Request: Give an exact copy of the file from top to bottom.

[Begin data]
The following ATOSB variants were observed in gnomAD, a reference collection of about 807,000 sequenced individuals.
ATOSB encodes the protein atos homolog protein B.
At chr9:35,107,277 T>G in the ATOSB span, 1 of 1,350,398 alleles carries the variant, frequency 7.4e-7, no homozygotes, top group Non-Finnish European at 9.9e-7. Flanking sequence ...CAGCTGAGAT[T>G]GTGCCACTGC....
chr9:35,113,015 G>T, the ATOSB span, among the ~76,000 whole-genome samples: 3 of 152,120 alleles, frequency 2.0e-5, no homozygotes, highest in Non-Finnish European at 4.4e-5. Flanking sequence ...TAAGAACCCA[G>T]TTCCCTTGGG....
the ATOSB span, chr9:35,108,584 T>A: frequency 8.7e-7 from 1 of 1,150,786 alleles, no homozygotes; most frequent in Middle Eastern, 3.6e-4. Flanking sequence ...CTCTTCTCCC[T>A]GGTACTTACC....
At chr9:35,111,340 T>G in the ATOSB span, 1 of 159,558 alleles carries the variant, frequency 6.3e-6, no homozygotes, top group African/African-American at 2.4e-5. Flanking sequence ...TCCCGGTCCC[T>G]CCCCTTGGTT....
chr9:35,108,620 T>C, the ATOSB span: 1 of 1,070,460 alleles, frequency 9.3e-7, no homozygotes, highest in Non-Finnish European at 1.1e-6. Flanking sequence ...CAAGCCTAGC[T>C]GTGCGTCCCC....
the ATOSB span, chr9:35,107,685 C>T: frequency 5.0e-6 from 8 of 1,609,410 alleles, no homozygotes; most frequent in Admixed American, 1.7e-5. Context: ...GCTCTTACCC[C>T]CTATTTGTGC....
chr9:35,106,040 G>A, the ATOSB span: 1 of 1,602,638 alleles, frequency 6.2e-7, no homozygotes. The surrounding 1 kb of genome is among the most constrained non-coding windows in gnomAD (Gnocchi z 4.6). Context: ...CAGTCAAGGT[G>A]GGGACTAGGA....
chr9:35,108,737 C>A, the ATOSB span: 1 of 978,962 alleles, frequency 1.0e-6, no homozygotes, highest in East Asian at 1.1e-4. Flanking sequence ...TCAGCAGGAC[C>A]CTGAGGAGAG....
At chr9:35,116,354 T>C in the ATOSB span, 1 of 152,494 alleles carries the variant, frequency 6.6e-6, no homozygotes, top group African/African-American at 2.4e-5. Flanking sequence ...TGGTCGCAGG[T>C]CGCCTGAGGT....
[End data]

The following ATOSB variants were observed in gnomAD, a reference collection of about 807,000 sequenced individuals.
ATOSB encodes the protein atos homolog protein B.
At chr9:35,107,277 T>G in the ATOSB span, 1 of 1,350,398 alleles carries the variant, frequency 7.4e-7, no homozygotes, top group Non-Finnish European at 9.9e-7. Flanking sequence ...CAGCTGAGAT[T>G]GTGCCACTGC....
chr9:35,113,015 G>T, the ATOSB span, among the ~76,000 whole-genome samples: 3 of 152,120 alleles, frequency 2.0e-5, no homozygotes, highest in Non-Finnish European at 4.4e-5. Flanking sequence ...TAAGAACCCA[G>T]TTCCCTTGGG....
the ATOSB span, chr9:35,108,584 T>A: frequency 8.7e-7 from 1 of 1,150,786 alleles, no homozygotes; most frequent in Middle Eastern, 3.6e-4. Flanking sequence ...CTCTTCTCCC[T>A]GGTACTTACC....
At chr9:35,111,340 T>G in the ATOSB span, 1 of 159,558 alleles carries the variant, frequency 6.3e-6, no homozygotes, top group African/African-American at 2.4e-5. Flanking sequence ...TCCCGGTCCC[T>G]CCCCTTGGTT....
chr9:35,108,620 T>C, the ATOSB span: 1 of 1,070,460 alleles, frequency 9.3e-7, no homozygotes, highest in Non-Finnish European at 1.1e-6. Flanking sequence ...CAAGCCTAGC[T>C]GTGCGTCCCC....
the ATOSB span, chr9:35,107,685 C>T: frequency 5.0e-6 from 8 of 1,609,410 alleles, no homozygotes; most frequent in Admixed American, 1.7e-5. Context: ...GCTCTTACCC[C>T]CTATTTGTGC....
chr9:35,106,040 G>A, the ATOSB span: 1 of 1,602,638 alleles, frequency 6.2e-7, no homozygotes. The surrounding 1 kb of genome is among the most constrained non-coding windows in gnomAD (Gnocchi z 4.6). Context: ...CAGTCAAGGT[G>A]GGGACTAGGA....
chr9:35,108,737 C>A, the ATOSB span: 1 of 978,962 alleles, frequency 1.0e-6, no homozygotes, highest in East Asian at 1.1e-4. Flanking sequence ...TCAGCAGGAC[C>A]CTGAGGAGAG....
At chr9:35,116,354 T>C in the ATOSB span, 1 of 152,494 alleles carries the variant, frequency 6.6e-6, no homozygotes, top group African/African-American at 2.4e-5. Flanking sequence ...TGGTCGCAGG[T>C]CGCCTGAGGT....